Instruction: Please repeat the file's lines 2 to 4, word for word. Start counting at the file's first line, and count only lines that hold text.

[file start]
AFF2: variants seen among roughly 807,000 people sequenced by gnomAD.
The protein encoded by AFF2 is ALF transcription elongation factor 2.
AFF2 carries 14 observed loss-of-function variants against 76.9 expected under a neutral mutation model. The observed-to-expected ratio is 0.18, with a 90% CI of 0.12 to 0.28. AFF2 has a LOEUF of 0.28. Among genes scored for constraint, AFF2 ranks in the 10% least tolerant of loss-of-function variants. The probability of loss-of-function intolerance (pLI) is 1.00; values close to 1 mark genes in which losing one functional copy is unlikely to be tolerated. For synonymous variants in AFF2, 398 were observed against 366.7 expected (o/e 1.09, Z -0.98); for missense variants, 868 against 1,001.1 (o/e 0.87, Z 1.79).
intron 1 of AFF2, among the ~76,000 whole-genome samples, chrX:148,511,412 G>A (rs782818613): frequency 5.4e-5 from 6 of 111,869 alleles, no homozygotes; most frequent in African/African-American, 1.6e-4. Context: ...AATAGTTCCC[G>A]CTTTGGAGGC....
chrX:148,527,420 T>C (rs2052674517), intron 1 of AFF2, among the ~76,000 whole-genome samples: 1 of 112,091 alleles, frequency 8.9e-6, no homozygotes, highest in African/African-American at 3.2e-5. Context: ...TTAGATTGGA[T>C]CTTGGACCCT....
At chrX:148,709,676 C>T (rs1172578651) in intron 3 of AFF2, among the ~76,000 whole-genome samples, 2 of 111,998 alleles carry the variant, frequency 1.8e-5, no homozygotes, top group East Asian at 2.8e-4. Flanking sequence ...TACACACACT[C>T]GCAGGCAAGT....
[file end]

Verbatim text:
The protein encoded by AFF2 is ALF transcription elongation factor 2.
AFF2 carries 14 observed loss-of-function variants against 76.9 expected under a neutral mutation model. The observed-to-expected ratio is 0.18, with a 90% CI of 0.12 to 0.28. AFF2 has a LOEUF of 0.28. Among genes scored for constraint, AFF2 ranks in the 10% least tolerant of loss-of-function variants. The probability of loss-of-function intolerance (pLI) is 1.00; values close to 1 mark genes in which losing one functional copy is unlikely to be tolerated. For synonymous variants in AFF2, 398 were observed against 366.7 expected (o/e 1.09, Z -0.98); for missense variants, 868 against 1,001.1 (o/e 0.87, Z 1.79).
intron 1 of AFF2, among the ~76,000 whole-genome samples, chrX:148,511,412 G>A (rs782818613): frequency 5.4e-5 from 6 of 111,869 alleles, no homozygotes; most frequent in African/African-American, 1.6e-4. Context: ...AATAGTTCCC[G>A]CTTTGGAGGC....